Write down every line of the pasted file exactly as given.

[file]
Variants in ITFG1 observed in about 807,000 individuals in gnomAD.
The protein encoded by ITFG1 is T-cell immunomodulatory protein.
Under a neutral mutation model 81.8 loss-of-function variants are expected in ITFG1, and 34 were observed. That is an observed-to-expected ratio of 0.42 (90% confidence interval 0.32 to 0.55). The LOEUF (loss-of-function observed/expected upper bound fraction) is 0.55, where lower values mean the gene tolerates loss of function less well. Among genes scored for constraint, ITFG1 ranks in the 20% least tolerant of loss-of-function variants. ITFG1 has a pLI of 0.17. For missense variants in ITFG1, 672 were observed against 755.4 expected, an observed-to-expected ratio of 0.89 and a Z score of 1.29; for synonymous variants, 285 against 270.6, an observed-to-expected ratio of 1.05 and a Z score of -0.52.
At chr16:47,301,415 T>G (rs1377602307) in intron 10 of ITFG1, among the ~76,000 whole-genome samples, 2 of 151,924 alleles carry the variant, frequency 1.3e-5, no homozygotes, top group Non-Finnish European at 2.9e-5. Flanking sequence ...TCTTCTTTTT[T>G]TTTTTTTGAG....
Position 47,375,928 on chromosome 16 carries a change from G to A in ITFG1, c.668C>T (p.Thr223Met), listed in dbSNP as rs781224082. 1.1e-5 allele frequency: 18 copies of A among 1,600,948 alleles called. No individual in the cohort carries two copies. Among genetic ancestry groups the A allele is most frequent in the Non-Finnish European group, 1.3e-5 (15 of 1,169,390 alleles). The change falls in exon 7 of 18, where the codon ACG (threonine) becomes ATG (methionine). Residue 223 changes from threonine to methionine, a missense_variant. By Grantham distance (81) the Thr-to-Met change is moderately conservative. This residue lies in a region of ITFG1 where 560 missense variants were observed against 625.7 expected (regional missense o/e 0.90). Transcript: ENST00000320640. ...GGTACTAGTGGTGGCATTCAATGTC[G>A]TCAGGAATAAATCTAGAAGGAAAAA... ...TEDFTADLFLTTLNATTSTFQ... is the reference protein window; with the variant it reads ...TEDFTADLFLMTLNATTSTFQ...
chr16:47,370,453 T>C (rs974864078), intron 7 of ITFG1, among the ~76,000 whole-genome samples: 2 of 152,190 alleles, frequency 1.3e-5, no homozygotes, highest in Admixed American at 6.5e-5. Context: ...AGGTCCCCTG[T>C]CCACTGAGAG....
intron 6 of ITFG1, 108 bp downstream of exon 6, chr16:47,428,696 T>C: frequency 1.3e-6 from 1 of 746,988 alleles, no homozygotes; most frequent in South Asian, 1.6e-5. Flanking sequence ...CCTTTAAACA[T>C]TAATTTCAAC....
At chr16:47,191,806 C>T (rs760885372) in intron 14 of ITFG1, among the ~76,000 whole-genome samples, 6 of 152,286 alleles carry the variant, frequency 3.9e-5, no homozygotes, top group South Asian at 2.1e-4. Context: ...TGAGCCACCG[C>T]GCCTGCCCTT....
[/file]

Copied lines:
Variants in ITFG1 observed in about 807,000 individuals in gnomAD.
The protein encoded by ITFG1 is T-cell immunomodulatory protein.
Under a neutral mutation model 81.8 loss-of-function variants are expected in ITFG1, and 34 were observed. That is an observed-to-expected ratio of 0.42 (90% confidence interval 0.32 to 0.55). The LOEUF (loss-of-function observed/expected upper bound fraction) is 0.55, where lower values mean the gene tolerates loss of function less well. Among genes scored for constraint, ITFG1 ranks in the 20% least tolerant of loss-of-function variants. ITFG1 has a pLI of 0.17. For missense variants in ITFG1, 672 were observed against 755.4 expected, an observed-to-expected ratio of 0.89 and a Z score of 1.29; for synonymous variants, 285 against 270.6, an observed-to-expected ratio of 1.05 and a Z score of -0.52.
At chr16:47,301,415 T>G (rs1377602307) in intron 10 of ITFG1, among the ~76,000 whole-genome samples, 2 of 151,924 alleles carry the variant, frequency 1.3e-5, no homozygotes, top group Non-Finnish European at 2.9e-5. Flanking sequence ...TCTTCTTTTT[T>G]TTTTTTTGAG....
Position 47,375,928 on chromosome 16 carries a change from G to A in ITFG1, c.668C>T (p.Thr223Met), listed in dbSNP as rs781224082. 1.1e-5 allele frequency: 18 copies of A among 1,600,948 alleles called. No individual in the cohort carries two copies. Among genetic ancestry groups the A allele is most frequent in the Non-Finnish European group, 1.3e-5 (15 of 1,169,390 alleles). The change falls in exon 7 of 18, where the codon ACG (threonine) becomes ATG (methionine). Residue 223 changes from threonine to methionine, a missense_variant. By Grantham distance (81) the Thr-to-Met change is moderately conservative. This residue lies in a region of ITFG1 where 560 missense variants were observed against 625.7 expected (regional missense o/e 0.90). Transcript: ENST00000320640. ...GGTACTAGTGGTGGCATTCAATGTC[G>A]TCAGGAATAAATCTAGAAGGAAAAA... ...TEDFTADLFLTTLNATTSTFQ... is the reference protein window; with the variant it reads ...TEDFTADLFLMTLNATTSTFQ...
chr16:47,370,453 T>C (rs974864078), intron 7 of ITFG1, among the ~76,000 whole-genome samples: 2 of 152,190 alleles, frequency 1.3e-5, no homozygotes, highest in Admixed American at 6.5e-5. Context: ...AGGTCCCCTG[T>C]CCACTGAGAG....
intron 6 of ITFG1, 108 bp downstream of exon 6, chr16:47,428,696 T>C: frequency 1.3e-6 from 1 of 746,988 alleles, no homozygotes; most frequent in South Asian, 1.6e-5. Flanking sequence ...CCTTTAAACA[T>C]TAATTTCAAC....
At chr16:47,191,806 C>T (rs760885372) in intron 14 of ITFG1, among the ~76,000 whole-genome samples, 6 of 152,286 alleles carry the variant, frequency 3.9e-5, no homozygotes, top group South Asian at 2.1e-4. Context: ...TGAGCCACCG[C>T]GCCTGCCCTT....